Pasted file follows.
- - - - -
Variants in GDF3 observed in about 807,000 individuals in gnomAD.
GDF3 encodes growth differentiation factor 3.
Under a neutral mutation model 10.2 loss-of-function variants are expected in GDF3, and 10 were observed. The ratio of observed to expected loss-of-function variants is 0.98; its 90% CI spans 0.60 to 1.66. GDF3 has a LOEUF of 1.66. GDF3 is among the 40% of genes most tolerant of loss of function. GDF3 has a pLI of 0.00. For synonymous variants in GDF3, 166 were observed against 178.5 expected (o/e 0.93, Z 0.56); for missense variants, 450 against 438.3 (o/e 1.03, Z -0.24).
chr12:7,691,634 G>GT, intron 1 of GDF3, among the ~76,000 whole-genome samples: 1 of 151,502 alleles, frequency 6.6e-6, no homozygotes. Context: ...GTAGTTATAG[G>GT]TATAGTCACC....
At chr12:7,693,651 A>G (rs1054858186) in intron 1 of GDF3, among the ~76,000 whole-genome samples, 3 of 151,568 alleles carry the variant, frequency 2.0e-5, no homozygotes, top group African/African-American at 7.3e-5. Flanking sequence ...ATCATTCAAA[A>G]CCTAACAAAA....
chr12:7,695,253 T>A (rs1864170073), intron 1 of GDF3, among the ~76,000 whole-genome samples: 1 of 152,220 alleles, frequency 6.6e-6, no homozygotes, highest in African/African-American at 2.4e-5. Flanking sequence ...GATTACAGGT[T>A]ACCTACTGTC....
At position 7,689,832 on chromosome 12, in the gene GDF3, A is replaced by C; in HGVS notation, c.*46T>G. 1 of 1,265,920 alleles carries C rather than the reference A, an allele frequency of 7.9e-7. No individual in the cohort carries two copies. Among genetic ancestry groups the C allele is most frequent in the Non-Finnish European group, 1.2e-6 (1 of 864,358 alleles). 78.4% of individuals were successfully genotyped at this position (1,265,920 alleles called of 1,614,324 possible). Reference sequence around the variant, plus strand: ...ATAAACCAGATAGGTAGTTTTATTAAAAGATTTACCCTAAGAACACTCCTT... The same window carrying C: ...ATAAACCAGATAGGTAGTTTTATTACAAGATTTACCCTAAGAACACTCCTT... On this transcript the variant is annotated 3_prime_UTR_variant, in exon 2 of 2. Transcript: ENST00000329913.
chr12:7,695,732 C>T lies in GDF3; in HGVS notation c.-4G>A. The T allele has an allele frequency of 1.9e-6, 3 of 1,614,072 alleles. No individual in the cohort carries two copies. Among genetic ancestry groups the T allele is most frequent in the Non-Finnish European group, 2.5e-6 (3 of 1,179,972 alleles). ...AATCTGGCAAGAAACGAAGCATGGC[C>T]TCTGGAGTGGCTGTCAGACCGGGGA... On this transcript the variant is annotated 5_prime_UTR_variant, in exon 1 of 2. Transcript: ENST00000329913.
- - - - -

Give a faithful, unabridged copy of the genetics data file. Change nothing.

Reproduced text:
Variants in GDF3 observed in about 807,000 individuals in gnomAD.
GDF3 encodes growth differentiation factor 3.
Under a neutral mutation model 10.2 loss-of-function variants are expected in GDF3, and 10 were observed. The ratio of observed to expected loss-of-function variants is 0.98; its 90% CI spans 0.60 to 1.66. GDF3 has a LOEUF of 1.66. GDF3 is among the 40% of genes most tolerant of loss of function. GDF3 has a pLI of 0.00. For synonymous variants in GDF3, 166 were observed against 178.5 expected (o/e 0.93, Z 0.56); for missense variants, 450 against 438.3 (o/e 1.03, Z -0.24).
chr12:7,691,634 G>GT, intron 1 of GDF3, among the ~76,000 whole-genome samples: 1 of 151,502 alleles, frequency 6.6e-6, no homozygotes. Context: ...GTAGTTATAG[G>GT]TATAGTCACC....
At chr12:7,693,651 A>G (rs1054858186) in intron 1 of GDF3, among the ~76,000 whole-genome samples, 3 of 151,568 alleles carry the variant, frequency 2.0e-5, no homozygotes, top group African/African-American at 7.3e-5. Flanking sequence ...ATCATTCAAA[A>G]CCTAACAAAA....
chr12:7,695,253 T>A (rs1864170073), intron 1 of GDF3, among the ~76,000 whole-genome samples: 1 of 152,220 alleles, frequency 6.6e-6, no homozygotes, highest in African/African-American at 2.4e-5. Flanking sequence ...GATTACAGGT[T>A]ACCTACTGTC....
At position 7,689,832 on chromosome 12, in the gene GDF3, A is replaced by C; in HGVS notation, c.*46T>G. 1 of 1,265,920 alleles carries C rather than the reference A, an allele frequency of 7.9e-7. No individual in the cohort carries two copies. Among genetic ancestry groups the C allele is most frequent in the Non-Finnish European group, 1.2e-6 (1 of 864,358 alleles). 78.4% of individuals were successfully genotyped at this position (1,265,920 alleles called of 1,614,324 possible). Reference sequence around the variant, plus strand: ...ATAAACCAGATAGGTAGTTTTATTAAAAGATTTACCCTAAGAACACTCCTT... The same window carrying C: ...ATAAACCAGATAGGTAGTTTTATTACAAGATTTACCCTAAGAACACTCCTT... On this transcript the variant is annotated 3_prime_UTR_variant, in exon 2 of 2. Transcript: ENST00000329913.
chr12:7,695,732 C>T lies in GDF3; in HGVS notation c.-4G>A. The T allele has an allele frequency of 1.9e-6, 3 of 1,614,072 alleles. No individual in the cohort carries two copies. Among genetic ancestry groups the T allele is most frequent in the Non-Finnish European group, 2.5e-6 (3 of 1,179,972 alleles). ...AATCTGGCAAGAAACGAAGCATGGC[C>T]TCTGGAGTGGCTGTCAGACCGGGGA... On this transcript the variant is annotated 5_prime_UTR_variant, in exon 1 of 2. Transcript: ENST00000329913.